During a trip to northern Europe a few years ago, I was privileged to visit the wonderful city of Amsterdam, once the world center of the tobacco trade. There I met with Pete Lingg and his friend Bob Hommes, both serious collectors of Dutch cigar tins, who graciously allowed me to photograph their collections so I could share them with others.

        I was shooting a Nikon Coolpix 4500 in daylight open shade, with Marilee and Pete, later Bob, bringing rare objects quickly and carefully from their various shelves and cupboards to where I was set up. Obviously in a few hours in each home, I was able to shoot only a small portion of their beautiful collections. I’m posting all the pictures.

        Eventually, I hope to prevail upon Pete to write a history of tin in The Netherlands.  In very brief, the Dutch relationship with tobacco is a long one. The Netherlands (Holland) was a center of the international leaf trade and the European cigar center. Not surprisingly, the history of tin in that area of the world is divided sharply between before and after World War One which (for the history class disadvantaged) made a mess of that part of the world rather seriously between 1915 and 1918. I’ve therefore separated the Museum Exhibits accordingly.

        Pre WWI tins tended to hold 100 cigars, giving plenty of surface for package designers to be highly ornate, artistically detailed. Tins often told stories, top and side panels becoming a five part tale. Others provided four different view of a place or event. Makers and users were exploring the limits of the printer's art at a time when the box itself was enough of a useful and attractive novelty that smokers’ wives and kids wanted them once emptied. This exhibit is intended to be a representative sample of Dutch tin cigar box styles from about 1880 to 1915.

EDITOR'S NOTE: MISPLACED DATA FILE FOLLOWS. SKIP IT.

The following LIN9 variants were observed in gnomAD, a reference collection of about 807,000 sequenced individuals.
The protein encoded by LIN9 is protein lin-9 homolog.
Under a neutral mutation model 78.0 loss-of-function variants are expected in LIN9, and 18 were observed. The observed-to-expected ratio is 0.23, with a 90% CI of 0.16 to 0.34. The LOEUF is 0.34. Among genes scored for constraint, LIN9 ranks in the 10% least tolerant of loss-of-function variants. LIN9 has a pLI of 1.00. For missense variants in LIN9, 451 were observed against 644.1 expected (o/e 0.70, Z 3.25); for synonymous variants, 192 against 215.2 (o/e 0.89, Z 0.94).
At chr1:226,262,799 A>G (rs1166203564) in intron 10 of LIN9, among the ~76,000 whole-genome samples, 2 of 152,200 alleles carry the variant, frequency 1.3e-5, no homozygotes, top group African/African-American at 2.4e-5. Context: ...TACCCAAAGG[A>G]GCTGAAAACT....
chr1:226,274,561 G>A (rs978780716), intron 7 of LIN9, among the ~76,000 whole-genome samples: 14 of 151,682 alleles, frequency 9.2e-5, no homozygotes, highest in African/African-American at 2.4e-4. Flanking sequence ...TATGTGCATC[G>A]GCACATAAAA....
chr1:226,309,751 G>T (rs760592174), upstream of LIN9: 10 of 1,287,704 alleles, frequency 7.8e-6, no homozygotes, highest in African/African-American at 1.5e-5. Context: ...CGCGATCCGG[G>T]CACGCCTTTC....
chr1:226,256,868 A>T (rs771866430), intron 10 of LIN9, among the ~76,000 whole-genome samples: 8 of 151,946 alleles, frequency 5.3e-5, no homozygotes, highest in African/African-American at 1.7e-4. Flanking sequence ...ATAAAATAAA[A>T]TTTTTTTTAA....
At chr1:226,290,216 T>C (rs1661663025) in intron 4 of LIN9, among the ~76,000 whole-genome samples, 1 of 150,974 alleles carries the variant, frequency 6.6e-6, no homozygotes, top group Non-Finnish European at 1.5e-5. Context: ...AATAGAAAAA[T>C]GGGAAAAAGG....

When shooting pix under pressure of time, light and memory constraints, I frequently either accidentally or deliberately did not shoot all sides of a box.  Some boxes are represented with one picture, others with 2, 3, 4, and in two cases 5. I have arranged some side by side, others stacked. I have no doubt you’ll be clever enuff to figure out what goes with what.

Dutch Tin before WWI

A National Cigar History Museum Exhibit 

© 2013  Tony Hyman, all rights reserved

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Pete Lingg now offers a wide variety of European and Mid Eastern tins on eBay.

You can reach Pete at <turmac4me@hotmail.com>.